NDSU senior works with researchers to find answers to asthma
Published August 12, 2013
As NDSU senior TJ Peterson learns about interactions between the outside world and the lung, he’s hopeful his efforts will someday contribute to a breakthrough that will help the estimated 18.9 million Americans who suffer from asthma.
Peterson is a summer undergraduate researcher in veterinary and microbiological sciences labs of Glenn Dorsam, associate professor, and Jane Schuh, associate professor and assistant dean for academic programs in the College of Agriculture, Food Systems, and Natural Resources.
Specifically, the work relates to allergic asthma and agricultural pulmonary exposure to grain dust, chemicals and toxins. The researchers induce asthma in mice to understand the “big picture” of what happens to the animals’ lungs after exposure to the particulates. The project is funded through the National Institutes of Health.
“As the lung restructures itself, it gets harder and narrower,” Peterson explained. “Inside an enclosure, we circulate spores, mimicking human exposure to mold or grain dust. It’s a daunting task, because we have hundreds of proteins and interactions. Is it one thing that changed or a whole cascade of events that happens?”
Participating in the research alongside respected faculty is, for Peterson, another plus for choosing NDSU for an education. “To conduct research as an undergraduate is a huge thing,” he said. “I’d say the two months I’ve spent in this lab is the equivalent to three years in the classroom. It’s much more fast-paced and a lot more intricate. It’s really opened my eyes.”
Peterson, who is from Brooklyn Park, Minn., is a member of the Minnesota National Guard and the Cadet Battalion Commander for the NDSU ROTC Bison Battalion. His career goal is to be a medical doctor in the U.S. Army, leaning toward a specialty in emergency medicine.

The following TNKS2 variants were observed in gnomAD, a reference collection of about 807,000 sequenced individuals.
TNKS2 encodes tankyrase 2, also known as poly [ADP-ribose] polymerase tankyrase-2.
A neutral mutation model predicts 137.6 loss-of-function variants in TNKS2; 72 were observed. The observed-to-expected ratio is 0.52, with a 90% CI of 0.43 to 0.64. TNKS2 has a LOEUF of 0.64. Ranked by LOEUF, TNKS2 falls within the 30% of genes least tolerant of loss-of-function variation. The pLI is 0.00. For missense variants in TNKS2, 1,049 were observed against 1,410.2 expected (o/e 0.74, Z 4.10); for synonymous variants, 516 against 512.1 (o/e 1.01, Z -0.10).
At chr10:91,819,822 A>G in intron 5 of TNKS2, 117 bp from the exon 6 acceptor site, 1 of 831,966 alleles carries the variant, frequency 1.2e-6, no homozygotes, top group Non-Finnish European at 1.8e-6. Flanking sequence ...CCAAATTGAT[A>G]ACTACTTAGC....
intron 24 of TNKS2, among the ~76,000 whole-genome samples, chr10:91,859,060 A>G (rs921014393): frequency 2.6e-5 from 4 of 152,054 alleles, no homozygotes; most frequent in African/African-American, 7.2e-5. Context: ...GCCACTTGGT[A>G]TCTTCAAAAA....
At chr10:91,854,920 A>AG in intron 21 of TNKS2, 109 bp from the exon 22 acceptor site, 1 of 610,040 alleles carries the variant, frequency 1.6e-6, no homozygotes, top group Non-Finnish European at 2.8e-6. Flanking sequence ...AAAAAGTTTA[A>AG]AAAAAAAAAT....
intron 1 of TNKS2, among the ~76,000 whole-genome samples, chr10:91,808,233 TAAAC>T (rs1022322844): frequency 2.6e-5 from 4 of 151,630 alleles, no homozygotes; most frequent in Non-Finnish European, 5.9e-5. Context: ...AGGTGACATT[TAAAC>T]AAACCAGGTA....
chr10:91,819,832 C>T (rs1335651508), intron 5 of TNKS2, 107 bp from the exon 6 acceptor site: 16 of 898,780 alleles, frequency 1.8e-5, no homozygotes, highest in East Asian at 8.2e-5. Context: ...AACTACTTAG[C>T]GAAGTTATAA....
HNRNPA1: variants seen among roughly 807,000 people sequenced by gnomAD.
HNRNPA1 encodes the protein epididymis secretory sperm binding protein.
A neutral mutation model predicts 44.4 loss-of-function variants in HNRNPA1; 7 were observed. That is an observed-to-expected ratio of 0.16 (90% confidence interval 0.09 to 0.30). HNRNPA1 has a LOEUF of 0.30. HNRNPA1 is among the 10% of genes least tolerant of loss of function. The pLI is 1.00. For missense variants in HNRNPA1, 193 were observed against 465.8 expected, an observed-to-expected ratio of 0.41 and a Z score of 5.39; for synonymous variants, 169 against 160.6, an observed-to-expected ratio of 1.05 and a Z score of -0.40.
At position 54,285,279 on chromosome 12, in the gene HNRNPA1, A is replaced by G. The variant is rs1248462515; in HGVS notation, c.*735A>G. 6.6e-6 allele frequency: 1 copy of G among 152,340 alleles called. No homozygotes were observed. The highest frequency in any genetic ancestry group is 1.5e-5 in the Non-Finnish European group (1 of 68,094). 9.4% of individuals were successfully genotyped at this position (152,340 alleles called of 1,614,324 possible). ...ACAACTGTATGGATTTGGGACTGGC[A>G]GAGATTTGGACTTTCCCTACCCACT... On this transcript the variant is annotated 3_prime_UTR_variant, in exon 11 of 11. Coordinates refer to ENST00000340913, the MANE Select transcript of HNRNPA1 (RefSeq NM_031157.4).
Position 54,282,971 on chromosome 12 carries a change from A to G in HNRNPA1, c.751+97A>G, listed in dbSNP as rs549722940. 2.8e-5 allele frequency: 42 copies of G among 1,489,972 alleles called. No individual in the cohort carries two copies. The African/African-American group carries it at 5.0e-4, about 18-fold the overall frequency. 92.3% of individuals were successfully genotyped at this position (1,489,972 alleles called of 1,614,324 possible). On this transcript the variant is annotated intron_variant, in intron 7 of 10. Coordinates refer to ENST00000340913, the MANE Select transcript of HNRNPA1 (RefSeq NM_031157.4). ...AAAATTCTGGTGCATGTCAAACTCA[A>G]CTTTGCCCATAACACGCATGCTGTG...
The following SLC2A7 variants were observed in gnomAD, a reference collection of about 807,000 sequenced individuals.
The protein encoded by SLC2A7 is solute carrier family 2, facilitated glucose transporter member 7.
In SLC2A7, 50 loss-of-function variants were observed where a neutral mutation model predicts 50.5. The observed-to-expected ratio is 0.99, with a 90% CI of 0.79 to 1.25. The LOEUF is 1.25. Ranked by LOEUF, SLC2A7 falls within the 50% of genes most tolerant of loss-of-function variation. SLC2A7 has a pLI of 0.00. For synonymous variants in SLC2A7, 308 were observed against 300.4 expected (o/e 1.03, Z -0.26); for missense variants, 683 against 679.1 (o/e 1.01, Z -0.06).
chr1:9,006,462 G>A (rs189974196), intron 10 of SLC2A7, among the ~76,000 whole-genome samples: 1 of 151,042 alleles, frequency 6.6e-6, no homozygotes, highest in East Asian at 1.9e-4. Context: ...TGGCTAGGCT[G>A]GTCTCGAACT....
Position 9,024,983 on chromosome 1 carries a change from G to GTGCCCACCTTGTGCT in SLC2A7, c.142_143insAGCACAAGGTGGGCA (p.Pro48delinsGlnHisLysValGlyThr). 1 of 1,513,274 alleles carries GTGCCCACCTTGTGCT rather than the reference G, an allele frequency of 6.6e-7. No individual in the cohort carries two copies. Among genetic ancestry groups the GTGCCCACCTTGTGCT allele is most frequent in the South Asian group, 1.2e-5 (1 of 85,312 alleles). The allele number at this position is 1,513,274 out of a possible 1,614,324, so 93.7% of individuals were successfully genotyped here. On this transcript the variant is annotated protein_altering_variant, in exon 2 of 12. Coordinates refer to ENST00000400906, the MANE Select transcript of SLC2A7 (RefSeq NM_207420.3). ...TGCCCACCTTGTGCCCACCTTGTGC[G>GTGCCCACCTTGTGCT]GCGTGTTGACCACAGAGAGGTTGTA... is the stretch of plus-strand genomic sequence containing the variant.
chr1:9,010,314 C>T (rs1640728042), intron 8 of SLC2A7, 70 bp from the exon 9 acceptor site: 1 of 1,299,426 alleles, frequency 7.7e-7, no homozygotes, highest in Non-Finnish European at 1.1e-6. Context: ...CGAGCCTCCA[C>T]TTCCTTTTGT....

“Because I want to be a doctor, I like to see how our research applies to humans. Whenever we are discussing the project and we’re talking about the various proteins we work with, I try to translate that to the human body. It’s interesting to see how similar, and also dissimilar, mouse physiology is to humans.”
Schuh suggests the hands-on research is a great way for undergraduate students to contribute and learn. “Being at a research university provides fantastic opportunities for our undergraduates,” she said. “TJ is a great example of the caliber of students we have at NDSU, and it is an honor to be a part of his professional development as a future doctor. I am so proud of my trainees – interacting with them is the best part of my job.”
As the work continued, Peterson gained an understanding of why it often takes years of dedicated research to find answers. “It’s a process; you’re wrong more times than you’re right. You have to be perseverant and try new things,” he said. “We’re not playing with laboratory toys here. Contributing to this work gives me a sense of purpose.”
He continued, “I love this opportunity – I’ve learned a ton. Dr. Schuh and Dr. Dorsam have taken many hours out of their day to train and teach me. They are so patient with all of my questions.”
The interesting, complex research may also impact Peterson’s future career choices. If he is stationed at a research hospital, his focus may change. “If I have that chance, I can definitely use what I learned in this lab during a possible career in research,” Peterson said.
Peterson’s undergraduate training is funded through a research program supported by the National Institutes of Health under award number 1R15HL117254.